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How To Buy a New Car


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The fourth in our “Road Safety 101: A Weekly Guide to Staying Safe on the Road” series covers tips for new car buyers. Most new cars come with a manufacturer’s warranty. Buyers also rarely have to worry about a car’s history when it is being purchased new off the lot. New cars, particularly those with a high safety and crash-test rating, are safer to drive and will help to keep your family safe.

If you are interested in buying a car, or you are in the middle of the car-shopping process, these tips may help you find the safe and reliable car you are looking for, at a price you can afford.

Do Your Research Before You Buy a New Car

Before you head over to your local auto dealer, you are going to want to do a little research first. Figure out what kind of car you want and the model most suited to your needs. People who have long daily commutes may be more inclined to buy an electric or hybrid vehicle, whereas those with larger families may lean more towards an SUV.

Once you have chosen the type of vehicle you want, go online and read reviews from other buyers. Find out what they think about the car, how it operates, whether it is worth the investment. Check to see how the vehicle you want to buy rates on the National Highway Traffic Safety Administration’s 5-Star Safety Ratings. Safety must be of your utmost concern, as you want to do everything you can to make sure you and your family will be less likely to be injured should an accident occur.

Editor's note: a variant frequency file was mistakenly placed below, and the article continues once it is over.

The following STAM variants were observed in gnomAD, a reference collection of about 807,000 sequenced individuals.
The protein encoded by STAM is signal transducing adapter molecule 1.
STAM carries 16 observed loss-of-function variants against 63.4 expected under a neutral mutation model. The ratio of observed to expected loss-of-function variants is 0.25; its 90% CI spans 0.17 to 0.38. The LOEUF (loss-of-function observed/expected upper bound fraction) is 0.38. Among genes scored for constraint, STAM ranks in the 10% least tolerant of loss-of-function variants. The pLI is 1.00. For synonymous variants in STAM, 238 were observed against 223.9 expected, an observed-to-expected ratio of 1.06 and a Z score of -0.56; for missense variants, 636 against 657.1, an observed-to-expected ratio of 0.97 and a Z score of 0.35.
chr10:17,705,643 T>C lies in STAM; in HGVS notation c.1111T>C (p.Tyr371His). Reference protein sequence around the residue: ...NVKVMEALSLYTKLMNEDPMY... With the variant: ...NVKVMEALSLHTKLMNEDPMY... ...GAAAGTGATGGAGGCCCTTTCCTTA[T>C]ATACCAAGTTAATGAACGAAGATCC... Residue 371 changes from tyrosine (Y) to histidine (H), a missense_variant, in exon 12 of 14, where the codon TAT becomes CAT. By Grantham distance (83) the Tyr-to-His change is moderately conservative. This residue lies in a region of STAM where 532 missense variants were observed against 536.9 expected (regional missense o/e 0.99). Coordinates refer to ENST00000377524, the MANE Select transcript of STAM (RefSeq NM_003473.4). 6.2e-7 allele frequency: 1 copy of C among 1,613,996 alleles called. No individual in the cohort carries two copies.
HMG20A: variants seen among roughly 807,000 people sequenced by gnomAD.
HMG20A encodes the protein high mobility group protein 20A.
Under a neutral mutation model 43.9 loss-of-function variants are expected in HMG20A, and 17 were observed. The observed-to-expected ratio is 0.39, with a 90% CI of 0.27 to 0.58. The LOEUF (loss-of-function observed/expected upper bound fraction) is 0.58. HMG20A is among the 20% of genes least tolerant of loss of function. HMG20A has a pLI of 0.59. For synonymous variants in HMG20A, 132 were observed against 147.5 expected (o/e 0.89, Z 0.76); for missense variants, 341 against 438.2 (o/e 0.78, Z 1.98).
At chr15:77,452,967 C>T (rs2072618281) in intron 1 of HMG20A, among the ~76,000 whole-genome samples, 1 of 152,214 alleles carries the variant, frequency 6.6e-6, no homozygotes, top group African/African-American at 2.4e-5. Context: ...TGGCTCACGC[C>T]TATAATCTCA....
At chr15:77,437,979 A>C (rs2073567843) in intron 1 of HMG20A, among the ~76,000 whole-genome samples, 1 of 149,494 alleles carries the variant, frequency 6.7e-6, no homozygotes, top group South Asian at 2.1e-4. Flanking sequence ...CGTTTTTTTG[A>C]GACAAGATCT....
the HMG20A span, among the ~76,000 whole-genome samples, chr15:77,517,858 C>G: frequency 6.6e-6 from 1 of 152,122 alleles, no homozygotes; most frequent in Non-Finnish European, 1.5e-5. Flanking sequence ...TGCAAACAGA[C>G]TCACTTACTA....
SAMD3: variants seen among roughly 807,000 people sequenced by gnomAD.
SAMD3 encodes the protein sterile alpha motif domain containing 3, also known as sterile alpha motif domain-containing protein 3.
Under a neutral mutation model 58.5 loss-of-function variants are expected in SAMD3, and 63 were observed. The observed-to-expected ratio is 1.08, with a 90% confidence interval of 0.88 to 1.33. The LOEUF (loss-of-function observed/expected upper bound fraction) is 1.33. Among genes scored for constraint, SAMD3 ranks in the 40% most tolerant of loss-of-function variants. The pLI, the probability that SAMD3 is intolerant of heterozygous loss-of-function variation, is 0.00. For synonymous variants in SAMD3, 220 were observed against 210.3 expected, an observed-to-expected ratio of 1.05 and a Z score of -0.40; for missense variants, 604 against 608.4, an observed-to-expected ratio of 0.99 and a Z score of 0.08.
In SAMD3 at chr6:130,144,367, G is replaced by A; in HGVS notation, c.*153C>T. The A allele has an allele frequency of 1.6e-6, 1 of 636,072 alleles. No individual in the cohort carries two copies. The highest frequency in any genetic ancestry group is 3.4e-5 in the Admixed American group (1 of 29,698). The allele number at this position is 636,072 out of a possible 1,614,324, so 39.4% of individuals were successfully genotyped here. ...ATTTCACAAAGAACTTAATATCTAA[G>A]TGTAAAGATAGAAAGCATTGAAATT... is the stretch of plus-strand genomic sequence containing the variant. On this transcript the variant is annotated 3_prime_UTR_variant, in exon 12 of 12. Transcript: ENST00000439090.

You should also take the time to find out the value of your trade-in. Go to Kelley Blue Book (kbb.com) to find out what your vehicle is worth before you go to the dealer. This way you can be informed about a fair trade-in price when buying a new car.

Get Approved Ahead of Time

Now is the time to determine your credit score and buying power. If you know the type of offer you are likely to get before you even walk onto the dealer’s lot, it will increase your chances of getting the vehicle you have chosen at a reasonable price. Individuals with higher credit scores will be able to get lower interest rates, also called APRs (annual percentage rates), on auto loans, and have more overall buying power.

Figure out how much, if any, you are can put down towards your new car. Dealerships tend to make better deals for larger cash down payments. The down payment affects the final costs and your monthly payment. According to Edmunds, the average down payment for a vehicle is about 12%, but there are deals out there, including no-down-payment offers.

Take this information to your bank, credit union or other private lending source to see if you can get pre-approved for a loan. Getting financed through the auto dealer at the time of purchase will generally mean you can expect to pay higher rates. Compare offers and see which one gives you the better rate, and choose that loan. You will want to know what you can afford and what you are able to finance before you begin the negotiation process.

Shop Around

Get competitive quotes from different dealers. Not all dealers have the same vehicles nor do they offer the same deals. Shop around. Do not worry about trade-in or terms, as you should already have that information, simply work to find the lowest price for the vehicle you want. Don’t compromise—you’ll be using that vehicle for years. If prices are similar, you can negotiate and see if one dealer would be willing to come down to beat a competitor’s price. Many dealers will do so to get the sale.

You should also consider buying towards the end of the month, as you may be able to get a better price. Dealerships and sales reps often tend to be more interested in wheeling and dealing at the end of the month when they are trying to reach sales quotas for that month. This can be used to your benefit when shopping for a new car.

If you have done your research, have a loan approval in advance, and have shopped around for the best price, your next step is to finalize the price and complete the paperwork for your new car.